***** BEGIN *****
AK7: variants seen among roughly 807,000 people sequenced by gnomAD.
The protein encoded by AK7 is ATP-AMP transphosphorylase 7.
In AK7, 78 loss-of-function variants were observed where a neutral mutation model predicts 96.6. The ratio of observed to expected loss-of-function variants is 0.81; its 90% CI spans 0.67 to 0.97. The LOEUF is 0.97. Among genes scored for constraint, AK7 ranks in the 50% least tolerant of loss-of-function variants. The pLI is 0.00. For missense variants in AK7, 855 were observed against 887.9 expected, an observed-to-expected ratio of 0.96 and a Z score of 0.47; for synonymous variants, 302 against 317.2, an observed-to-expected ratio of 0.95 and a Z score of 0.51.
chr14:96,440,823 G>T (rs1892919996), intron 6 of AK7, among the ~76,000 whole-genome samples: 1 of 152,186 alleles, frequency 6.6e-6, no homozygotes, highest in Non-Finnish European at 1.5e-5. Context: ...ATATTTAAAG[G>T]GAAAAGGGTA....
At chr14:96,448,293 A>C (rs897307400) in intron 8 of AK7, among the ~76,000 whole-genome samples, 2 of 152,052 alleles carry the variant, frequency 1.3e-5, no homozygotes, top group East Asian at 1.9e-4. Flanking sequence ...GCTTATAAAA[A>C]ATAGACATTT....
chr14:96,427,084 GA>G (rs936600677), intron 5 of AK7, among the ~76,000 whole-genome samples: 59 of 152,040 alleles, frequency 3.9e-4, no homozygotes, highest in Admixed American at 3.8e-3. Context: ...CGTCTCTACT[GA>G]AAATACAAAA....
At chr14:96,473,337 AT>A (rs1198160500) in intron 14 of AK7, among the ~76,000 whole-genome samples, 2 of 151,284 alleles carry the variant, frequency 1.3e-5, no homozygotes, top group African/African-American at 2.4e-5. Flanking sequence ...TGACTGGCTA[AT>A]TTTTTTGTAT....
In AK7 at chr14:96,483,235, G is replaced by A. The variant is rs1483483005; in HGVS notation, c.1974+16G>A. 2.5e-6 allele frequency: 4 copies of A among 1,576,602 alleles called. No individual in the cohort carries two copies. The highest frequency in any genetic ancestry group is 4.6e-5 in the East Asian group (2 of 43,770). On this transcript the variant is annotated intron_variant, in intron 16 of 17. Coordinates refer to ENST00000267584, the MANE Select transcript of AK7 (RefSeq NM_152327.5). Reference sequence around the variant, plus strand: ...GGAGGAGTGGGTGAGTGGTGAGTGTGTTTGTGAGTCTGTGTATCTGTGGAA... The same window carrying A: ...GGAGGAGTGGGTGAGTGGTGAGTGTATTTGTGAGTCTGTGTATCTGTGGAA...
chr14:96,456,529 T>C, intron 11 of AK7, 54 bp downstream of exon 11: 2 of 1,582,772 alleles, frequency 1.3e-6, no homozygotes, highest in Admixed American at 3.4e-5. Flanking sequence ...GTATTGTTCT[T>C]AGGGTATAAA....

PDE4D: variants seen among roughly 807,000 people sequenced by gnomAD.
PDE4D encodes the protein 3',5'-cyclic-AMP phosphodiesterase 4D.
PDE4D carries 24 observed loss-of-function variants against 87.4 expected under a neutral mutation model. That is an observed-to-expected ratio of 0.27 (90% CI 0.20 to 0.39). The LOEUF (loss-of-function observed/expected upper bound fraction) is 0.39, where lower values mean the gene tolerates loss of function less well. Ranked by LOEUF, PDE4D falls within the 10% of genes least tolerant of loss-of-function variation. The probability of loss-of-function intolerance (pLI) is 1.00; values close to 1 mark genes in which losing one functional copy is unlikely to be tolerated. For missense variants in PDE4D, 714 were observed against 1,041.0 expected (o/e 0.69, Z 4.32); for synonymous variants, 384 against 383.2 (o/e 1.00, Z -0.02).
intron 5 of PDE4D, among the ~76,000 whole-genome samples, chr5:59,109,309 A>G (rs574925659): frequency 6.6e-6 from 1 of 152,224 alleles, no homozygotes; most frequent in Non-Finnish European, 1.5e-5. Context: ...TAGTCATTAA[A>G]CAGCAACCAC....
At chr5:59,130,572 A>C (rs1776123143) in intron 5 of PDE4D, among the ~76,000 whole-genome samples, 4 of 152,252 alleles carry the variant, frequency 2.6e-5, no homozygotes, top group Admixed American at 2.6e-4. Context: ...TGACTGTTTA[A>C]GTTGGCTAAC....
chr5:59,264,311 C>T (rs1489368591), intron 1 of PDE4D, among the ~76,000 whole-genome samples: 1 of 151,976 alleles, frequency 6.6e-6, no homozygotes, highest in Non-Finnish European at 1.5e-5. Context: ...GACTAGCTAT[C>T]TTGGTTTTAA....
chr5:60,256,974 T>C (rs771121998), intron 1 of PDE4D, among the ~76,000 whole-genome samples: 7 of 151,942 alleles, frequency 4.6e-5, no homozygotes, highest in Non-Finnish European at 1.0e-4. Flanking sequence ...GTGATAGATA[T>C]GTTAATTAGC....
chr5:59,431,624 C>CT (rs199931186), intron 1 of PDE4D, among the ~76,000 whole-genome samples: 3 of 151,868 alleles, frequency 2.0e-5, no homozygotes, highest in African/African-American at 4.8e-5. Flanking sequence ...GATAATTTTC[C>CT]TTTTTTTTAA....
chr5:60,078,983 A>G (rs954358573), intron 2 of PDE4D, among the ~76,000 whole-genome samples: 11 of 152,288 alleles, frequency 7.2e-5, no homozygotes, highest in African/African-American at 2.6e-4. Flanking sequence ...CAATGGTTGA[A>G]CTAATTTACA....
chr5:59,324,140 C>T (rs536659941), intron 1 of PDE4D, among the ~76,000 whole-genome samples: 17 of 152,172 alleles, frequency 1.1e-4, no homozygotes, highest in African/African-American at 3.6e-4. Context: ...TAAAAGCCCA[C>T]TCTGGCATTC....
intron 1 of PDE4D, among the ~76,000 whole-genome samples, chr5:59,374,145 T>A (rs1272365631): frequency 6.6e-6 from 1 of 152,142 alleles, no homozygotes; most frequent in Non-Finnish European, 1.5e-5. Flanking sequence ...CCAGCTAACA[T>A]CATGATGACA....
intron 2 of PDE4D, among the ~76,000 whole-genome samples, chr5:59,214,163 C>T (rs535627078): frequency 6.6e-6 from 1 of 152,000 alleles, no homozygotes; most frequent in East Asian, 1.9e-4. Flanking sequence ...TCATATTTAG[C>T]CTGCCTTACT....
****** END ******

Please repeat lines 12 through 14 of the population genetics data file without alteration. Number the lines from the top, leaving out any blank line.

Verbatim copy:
PDE4D carries 24 observed loss-of-function variants against 87.4 expected under a neutral mutation model. That is an observed-to-expected ratio of 0.27 (90% CI 0.20 to 0.39). The LOEUF (loss-of-function observed/expected upper bound fraction) is 0.39, where lower values mean the gene tolerates loss of function less well. Ranked by LOEUF, PDE4D falls within the 10% of genes least tolerant of loss-of-function variation. The probability of loss-of-function intolerance (pLI) is 1.00; values close to 1 mark genes in which losing one functional copy is unlikely to be tolerated. For missense variants in PDE4D, 714 were observed against 1,041.0 expected (o/e 0.69, Z 4.32); for synonymous variants, 384 against 383.2 (o/e 1.00, Z -0.02).
intron 5 of PDE4D, among the ~76,000 whole-genome samples, chr5:59,109,309 A>G (rs574925659): frequency 6.6e-6 from 1 of 152,224 alleles, no homozygotes; most frequent in Non-Finnish European, 1.5e-5. Context: ...TAGTCATTAA[A>G]CAGCAACCAC....
At chr5:59,130,572 A>C (rs1776123143) in intron 5 of PDE4D, among the ~76,000 whole-genome samples, 4 of 152,252 alleles carry the variant, frequency 2.6e-5, no homozygotes, top group Admixed American at 2.6e-4. Context: ...TGACTGTTTA[A>C]GTTGGCTAAC....